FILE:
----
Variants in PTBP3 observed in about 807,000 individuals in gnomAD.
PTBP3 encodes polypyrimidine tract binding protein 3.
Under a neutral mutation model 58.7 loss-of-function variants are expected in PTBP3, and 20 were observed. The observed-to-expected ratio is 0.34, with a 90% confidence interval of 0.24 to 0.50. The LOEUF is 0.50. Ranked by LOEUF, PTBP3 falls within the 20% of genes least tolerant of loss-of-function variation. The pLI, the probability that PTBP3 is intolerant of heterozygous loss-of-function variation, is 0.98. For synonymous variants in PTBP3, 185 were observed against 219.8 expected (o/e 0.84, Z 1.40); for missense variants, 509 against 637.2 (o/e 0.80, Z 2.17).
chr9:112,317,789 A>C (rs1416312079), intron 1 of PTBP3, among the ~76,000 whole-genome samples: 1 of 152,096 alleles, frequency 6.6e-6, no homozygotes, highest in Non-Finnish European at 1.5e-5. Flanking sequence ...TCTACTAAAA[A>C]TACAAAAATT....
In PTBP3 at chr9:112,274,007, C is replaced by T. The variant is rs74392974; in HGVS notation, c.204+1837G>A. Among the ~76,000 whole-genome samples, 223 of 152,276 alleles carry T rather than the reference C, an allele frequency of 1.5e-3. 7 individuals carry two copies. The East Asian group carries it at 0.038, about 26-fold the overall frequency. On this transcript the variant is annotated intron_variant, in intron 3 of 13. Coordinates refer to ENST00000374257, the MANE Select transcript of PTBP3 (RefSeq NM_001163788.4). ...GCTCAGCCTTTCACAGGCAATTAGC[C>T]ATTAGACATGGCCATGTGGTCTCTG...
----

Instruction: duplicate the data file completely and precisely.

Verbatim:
Variants in PTBP3 observed in about 807,000 individuals in gnomAD.
PTBP3 encodes polypyrimidine tract binding protein 3.
Under a neutral mutation model 58.7 loss-of-function variants are expected in PTBP3, and 20 were observed. The observed-to-expected ratio is 0.34, with a 90% confidence interval of 0.24 to 0.50. The LOEUF is 0.50. Ranked by LOEUF, PTBP3 falls within the 20% of genes least tolerant of loss-of-function variation. The pLI, the probability that PTBP3 is intolerant of heterozygous loss-of-function variation, is 0.98. For synonymous variants in PTBP3, 185 were observed against 219.8 expected (o/e 0.84, Z 1.40); for missense variants, 509 against 637.2 (o/e 0.80, Z 2.17).
chr9:112,317,789 A>C (rs1416312079), intron 1 of PTBP3, among the ~76,000 whole-genome samples: 1 of 152,096 alleles, frequency 6.6e-6, no homozygotes, highest in Non-Finnish European at 1.5e-5. Flanking sequence ...TCTACTAAAA[A>C]TACAAAAATT....
In PTBP3 at chr9:112,274,007, C is replaced by T. The variant is rs74392974; in HGVS notation, c.204+1837G>A. Among the ~76,000 whole-genome samples, 223 of 152,276 alleles carry T rather than the reference C, an allele frequency of 1.5e-3. 7 individuals carry two copies. The East Asian group carries it at 0.038, about 26-fold the overall frequency. On this transcript the variant is annotated intron_variant, in intron 3 of 13. Coordinates refer to ENST00000374257, the MANE Select transcript of PTBP3 (RefSeq NM_001163788.4). ...GCTCAGCCTTTCACAGGCAATTAGC[C>T]ATTAGACATGGCCATGTGGTCTCTG...